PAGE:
The Eclipse Foundation has, unfortunately, not done as good a job. Eclipse is still, well, Eclipse. Most developers assume that other Eclipse Foundation projects are somehow related to the IDE and therefore unapplicable to their use cases. Individual projects are named in a wide variety of ways, sometimes using the Eclipse name (Eclipse RCP), sometimes not (BIRT), and sometimes using it as part of an acronym (EMF). Taken as a whole, the project names in the Eclipse ecosystem are extremely confusing.

On a side note (and I’m sure this is a minority opinion), I think that the umbrella names for the release train (Europa, Galileo, etc.) reinforce the idea that Eclipse (and all of it’s projects) are about the IDE.

In any case, to successfully use the Eclipse name the following two things would need to occur:

  1. The adoption of a common naming scheme “Eclipse X” for all projects.
  2. The application of this scheme to Eclipse itself (e.g. Eclipse Workbench)

Without this approach, my opinion is that using the Eclipse name in association with a rebranded RCP is not a good option. My vote would be for a stand-alone name.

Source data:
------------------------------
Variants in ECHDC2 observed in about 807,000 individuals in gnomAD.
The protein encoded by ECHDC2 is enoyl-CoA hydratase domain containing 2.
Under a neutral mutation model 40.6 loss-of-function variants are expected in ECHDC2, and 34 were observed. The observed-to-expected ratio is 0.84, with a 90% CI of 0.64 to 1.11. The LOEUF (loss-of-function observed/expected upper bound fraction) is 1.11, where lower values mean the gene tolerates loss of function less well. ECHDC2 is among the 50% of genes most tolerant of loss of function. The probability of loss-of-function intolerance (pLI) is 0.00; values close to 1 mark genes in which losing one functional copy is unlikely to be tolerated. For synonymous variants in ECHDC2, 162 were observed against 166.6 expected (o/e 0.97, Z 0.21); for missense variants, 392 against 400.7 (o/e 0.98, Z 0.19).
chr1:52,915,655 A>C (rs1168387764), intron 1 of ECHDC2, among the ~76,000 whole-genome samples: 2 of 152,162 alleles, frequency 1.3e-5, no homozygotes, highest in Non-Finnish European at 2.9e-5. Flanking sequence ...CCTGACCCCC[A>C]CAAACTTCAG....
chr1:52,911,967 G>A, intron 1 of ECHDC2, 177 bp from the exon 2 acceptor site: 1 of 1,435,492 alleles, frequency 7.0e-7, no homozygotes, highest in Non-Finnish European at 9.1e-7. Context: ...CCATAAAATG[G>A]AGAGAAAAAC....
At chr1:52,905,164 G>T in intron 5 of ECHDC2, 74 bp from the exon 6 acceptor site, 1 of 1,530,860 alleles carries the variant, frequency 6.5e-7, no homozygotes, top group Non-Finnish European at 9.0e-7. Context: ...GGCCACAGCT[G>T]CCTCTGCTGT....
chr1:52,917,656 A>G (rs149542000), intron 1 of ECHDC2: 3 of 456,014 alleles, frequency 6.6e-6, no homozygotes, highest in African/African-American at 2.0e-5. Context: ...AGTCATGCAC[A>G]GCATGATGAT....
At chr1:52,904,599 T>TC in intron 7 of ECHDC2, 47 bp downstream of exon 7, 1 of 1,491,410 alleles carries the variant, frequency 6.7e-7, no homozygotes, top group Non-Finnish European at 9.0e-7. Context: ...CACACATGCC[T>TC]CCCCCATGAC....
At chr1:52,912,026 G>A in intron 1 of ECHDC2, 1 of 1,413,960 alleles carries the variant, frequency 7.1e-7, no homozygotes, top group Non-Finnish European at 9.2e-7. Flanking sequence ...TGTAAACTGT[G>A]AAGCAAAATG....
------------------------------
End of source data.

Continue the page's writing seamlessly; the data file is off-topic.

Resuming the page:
Getting started

So much work and thought is going into e4 and there is enormous potential here. Let’s give this technology the name and branding that it needs to reach a wide audience.

I’ve purposely shied away from suggesting names here, but I’ve cross-posted to a Bugzilla entry where potential names can be discussed.

Note: If you agree with this post, please consider commenting on the Bugzilla entry (even a “+1″ would help).


Why is OSGi important?

May 4, 2009

I’ve seen a number of blog posts and tweets lately asking some version of the question Why is OSGi important? If you’re one of the many people looking around at the increasing usage of OSGi and wondering whether it matters to you, here’s my answer.

I’m going to start by making a pretty audacious claim, which is that OSGi is one of the most important technologies to have arisen in the last 20 years. This does not mean, however, that OSGi is a revolutionary technology. In fact, OSGi is so important because it represents the logical next step in the long-term evolution of software development.

Where we’re coming from